How Old are Your Arteries? Exercise-Mediated Protection From Age-Associated Vascular Stiffness


As we age, the blood vessel becomes more susceptible to pathologies including hypertension and atherosclerosis. A famous saying of Thomas Sydenham, English physician, states: “man is as old as his arteries.” However, changes in the function and structure of the arteries with aging, such as arterial stiffening and thickening, do not occur to the same extent in all people. Studies by Seals et al strongly suggest that habitual physical activity/aerobic exercise can slow or prevent the aging of the blood vessels, as measured by arterial compliance, even in previously sedentary middle‐aged and older adults.13 Exercise training is known to induce several adaptations in the cardiovascular system, in part, by increases in laminar blood flow.4 This, in turn, leads to increased production of endothelial‐derived nitric oxide (NO) that is critical to the regulation of vascular responses, including vascular tone and permeability, platelet adhesion and aggregation, endothelial‐leukocyte interactions, and vascular smooth muscle cell proliferation.5 Therefore, it is not surprising that NO has been touted as having an important role in the architecture of the blood vessel. In this issue of JAHA, Steppan and colleagues demonstrate that exercise suppresses an age‐associated increase in vascular transglutaminase activity and propose that this NO‐mediated effect contributes to exercise‐induced arterial remodeling and specifically the attenuation of age‐associated vascular stiffness.6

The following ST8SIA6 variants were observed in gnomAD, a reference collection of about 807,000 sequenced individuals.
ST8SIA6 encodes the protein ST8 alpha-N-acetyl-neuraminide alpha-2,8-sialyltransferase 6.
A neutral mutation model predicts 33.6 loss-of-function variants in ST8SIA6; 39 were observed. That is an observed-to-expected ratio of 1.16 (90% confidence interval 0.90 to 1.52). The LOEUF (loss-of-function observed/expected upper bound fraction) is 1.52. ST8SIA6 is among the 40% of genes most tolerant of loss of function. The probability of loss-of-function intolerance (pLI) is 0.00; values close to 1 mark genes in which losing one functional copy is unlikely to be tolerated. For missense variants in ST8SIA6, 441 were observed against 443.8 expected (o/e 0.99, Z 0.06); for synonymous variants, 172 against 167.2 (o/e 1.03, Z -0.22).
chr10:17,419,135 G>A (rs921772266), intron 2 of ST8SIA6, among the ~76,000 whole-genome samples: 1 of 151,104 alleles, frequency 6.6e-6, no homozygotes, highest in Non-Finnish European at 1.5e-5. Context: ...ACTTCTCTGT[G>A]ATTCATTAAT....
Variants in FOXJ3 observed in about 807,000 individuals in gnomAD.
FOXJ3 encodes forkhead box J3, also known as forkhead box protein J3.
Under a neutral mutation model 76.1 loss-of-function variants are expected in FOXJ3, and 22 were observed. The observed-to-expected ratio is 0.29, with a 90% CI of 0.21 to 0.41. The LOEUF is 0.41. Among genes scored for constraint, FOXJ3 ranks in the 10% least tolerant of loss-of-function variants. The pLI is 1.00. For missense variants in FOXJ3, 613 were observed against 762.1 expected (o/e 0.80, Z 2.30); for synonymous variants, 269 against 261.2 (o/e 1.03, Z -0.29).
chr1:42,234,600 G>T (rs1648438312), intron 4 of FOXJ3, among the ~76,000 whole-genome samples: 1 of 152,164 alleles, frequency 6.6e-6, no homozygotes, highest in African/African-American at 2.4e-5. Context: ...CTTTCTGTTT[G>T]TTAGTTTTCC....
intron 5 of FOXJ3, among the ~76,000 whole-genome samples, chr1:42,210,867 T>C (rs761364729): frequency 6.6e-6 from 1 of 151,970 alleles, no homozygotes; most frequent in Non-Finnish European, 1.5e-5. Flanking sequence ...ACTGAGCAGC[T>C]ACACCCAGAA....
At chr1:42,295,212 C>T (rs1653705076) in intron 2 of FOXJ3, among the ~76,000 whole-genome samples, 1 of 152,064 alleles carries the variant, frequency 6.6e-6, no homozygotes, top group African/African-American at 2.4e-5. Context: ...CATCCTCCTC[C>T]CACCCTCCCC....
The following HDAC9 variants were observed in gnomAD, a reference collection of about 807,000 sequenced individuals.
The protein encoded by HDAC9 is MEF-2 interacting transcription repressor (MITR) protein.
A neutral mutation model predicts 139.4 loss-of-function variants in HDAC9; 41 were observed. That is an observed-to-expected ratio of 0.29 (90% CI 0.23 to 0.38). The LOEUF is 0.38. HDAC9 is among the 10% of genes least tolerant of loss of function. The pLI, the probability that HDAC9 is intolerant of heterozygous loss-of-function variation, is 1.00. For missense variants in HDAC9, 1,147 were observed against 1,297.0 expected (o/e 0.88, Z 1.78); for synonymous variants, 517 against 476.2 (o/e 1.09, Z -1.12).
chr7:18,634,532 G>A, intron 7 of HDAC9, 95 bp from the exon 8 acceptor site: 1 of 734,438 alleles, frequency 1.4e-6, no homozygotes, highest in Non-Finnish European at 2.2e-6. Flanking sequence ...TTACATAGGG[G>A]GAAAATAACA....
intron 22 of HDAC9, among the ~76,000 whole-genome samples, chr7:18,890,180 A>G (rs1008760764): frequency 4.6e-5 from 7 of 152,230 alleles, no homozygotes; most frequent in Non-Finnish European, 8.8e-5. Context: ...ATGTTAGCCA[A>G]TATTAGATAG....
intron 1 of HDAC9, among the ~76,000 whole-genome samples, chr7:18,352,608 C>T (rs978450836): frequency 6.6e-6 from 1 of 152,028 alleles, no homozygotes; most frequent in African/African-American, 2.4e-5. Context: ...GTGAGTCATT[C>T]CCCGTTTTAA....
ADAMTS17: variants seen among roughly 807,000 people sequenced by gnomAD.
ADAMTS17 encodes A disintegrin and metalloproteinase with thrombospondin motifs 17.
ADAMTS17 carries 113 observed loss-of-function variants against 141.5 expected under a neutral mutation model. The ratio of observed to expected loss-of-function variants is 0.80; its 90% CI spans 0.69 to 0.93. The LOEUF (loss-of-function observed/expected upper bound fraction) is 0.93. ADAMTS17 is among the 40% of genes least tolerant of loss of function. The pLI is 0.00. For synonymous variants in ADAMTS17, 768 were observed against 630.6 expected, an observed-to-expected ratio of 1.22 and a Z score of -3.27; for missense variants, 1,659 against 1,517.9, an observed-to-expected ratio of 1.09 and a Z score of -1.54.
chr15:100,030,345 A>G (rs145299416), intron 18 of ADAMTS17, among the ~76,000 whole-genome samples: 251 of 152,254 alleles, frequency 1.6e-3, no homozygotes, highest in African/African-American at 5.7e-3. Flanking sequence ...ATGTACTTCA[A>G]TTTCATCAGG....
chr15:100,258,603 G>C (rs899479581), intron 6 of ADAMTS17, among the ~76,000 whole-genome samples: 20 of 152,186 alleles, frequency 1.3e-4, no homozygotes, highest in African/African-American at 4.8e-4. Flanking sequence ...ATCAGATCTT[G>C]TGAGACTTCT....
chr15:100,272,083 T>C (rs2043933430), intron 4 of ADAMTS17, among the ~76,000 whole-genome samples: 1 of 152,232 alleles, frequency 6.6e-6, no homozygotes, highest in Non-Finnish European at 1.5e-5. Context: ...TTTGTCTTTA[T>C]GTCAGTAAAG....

Autor / Fonte:Justin Jung?Euy Kang and Peter F. Bodary J Am Heart Assoc. 2014;3:e000941